Liverpool’s Divock Origi and Daniel Sturridge continue to track the ball. Origi, in the way that professional strikers do, poaches on the goal line optimistically with no one even broaching his personal space.
Some other neurons in Pickford’s brain are almost certainly aware that there’s an unchecked threat right next to him. It’s one more thing for his nervous system to process.
The ball is not going out of bounds, at least not definitively. Its sky-high arc is bringing it relatively straight down toward the crossbar. Pickford—who has been doing this at a high level since he joined Sunderland’s academy when he was eight—automatically jumps to cover the worst case scenario and then unconsciously runs the calculus. He can:
- Let the ball go out of bounds. But if he judges wrong it could hit the bar and rebound back into play, or worse, drop straight into the goal.
- Tip the ball over the bar. However, this would surrender a corner. Compounding the problem, the backspin from van Dijk’s shank, the sharp downward angle, and the proximity to the crossbar all make a tip difficult.
- Try to catch it. This is preferable, but dangerous. Pickford is “only” 6-foot-1”, and if you believe the bar-goer that recently heckled him, not known for his reach. The awkward position of the ball means that he also has to bend his wrists back over the bar.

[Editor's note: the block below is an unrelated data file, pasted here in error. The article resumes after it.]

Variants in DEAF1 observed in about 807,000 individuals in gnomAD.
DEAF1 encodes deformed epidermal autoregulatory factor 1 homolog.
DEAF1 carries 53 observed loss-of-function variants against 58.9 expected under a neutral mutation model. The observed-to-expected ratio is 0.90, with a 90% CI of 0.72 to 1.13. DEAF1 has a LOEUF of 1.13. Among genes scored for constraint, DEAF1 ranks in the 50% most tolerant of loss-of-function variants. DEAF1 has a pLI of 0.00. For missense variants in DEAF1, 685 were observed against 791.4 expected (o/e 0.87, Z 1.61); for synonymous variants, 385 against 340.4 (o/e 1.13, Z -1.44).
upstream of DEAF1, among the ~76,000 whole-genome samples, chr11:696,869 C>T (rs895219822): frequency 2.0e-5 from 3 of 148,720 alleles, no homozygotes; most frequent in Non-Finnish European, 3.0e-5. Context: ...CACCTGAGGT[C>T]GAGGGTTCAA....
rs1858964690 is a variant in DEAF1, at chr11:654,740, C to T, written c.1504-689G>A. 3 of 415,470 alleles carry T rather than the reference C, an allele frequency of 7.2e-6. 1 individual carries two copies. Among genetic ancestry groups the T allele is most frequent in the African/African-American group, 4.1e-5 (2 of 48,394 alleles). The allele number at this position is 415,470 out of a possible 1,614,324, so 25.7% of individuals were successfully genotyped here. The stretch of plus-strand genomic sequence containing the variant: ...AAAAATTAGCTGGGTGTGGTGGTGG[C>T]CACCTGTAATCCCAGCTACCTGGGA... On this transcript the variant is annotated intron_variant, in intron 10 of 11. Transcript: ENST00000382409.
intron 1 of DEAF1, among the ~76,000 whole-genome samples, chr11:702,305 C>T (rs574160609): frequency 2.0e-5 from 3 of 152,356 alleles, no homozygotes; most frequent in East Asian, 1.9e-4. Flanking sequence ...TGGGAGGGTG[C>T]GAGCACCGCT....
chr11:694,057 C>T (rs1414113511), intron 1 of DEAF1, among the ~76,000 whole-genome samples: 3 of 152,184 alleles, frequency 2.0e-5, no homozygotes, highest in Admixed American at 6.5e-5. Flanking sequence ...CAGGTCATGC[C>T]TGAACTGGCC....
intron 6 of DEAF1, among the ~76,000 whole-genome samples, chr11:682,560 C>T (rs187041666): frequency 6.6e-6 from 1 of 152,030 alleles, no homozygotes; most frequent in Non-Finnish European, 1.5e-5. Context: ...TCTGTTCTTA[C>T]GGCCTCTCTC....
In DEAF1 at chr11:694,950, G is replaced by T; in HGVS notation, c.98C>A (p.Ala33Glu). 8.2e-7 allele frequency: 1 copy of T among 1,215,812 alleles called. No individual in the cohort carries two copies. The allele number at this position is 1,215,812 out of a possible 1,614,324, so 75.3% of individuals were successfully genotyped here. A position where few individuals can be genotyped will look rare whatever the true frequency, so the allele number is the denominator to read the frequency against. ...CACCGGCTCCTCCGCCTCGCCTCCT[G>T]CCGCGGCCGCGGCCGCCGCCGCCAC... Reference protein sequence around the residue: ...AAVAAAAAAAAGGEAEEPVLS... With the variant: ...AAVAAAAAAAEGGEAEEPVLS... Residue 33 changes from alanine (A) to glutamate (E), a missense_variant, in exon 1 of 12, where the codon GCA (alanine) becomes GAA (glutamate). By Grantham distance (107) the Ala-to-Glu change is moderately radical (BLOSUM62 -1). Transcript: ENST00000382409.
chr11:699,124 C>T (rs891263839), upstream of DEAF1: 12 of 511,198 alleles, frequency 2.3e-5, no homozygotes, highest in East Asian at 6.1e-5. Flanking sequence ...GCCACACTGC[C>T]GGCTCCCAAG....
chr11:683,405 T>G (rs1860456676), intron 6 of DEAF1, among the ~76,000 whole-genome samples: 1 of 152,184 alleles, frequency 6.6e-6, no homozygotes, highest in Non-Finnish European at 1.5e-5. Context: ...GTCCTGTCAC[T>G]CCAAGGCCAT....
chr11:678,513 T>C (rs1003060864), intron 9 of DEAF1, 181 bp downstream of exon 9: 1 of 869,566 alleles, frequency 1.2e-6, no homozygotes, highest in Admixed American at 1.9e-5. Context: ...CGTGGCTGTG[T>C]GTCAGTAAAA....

He may still have been in two minds as the moment arrived or whatever he chose may not have gone as planned. Regardless, the ball bounced off his hands, caromed off the top of the bar and then down to a waiting Origi, who knocked the free header home. Calamity. 1-0 Liverpool.
The set of variables involved is often much simpler, but every time a keeper fields the ball they are making a calculation like Pickford’s. Ideally, they would inhale every loose ball and secure it in a safe, loving embrace. Because that’s not practical, and sometimes the chance of a drop is too high a risk, their next option is to punch, kick (see the previous column in this series), or forcefully deflect the ball as far away from the goal as they can. Alternately, they can divert the ball out of bounds, giving up a set piece but buying time to reset. And finally, even when they resort to a desperate parry with little control of the rebound, they’ll favor routing it out of traffic and away from the middle of the field.
This uncertainty complicates things and even in seemingly clear cut situations, makes it more difficult to react decisively. Sometimes these complexities contribute to errors. Other times professional keepers just drop the damn ball the same way uncoordinated amateurs do. This brings us back to Hugo Lloris.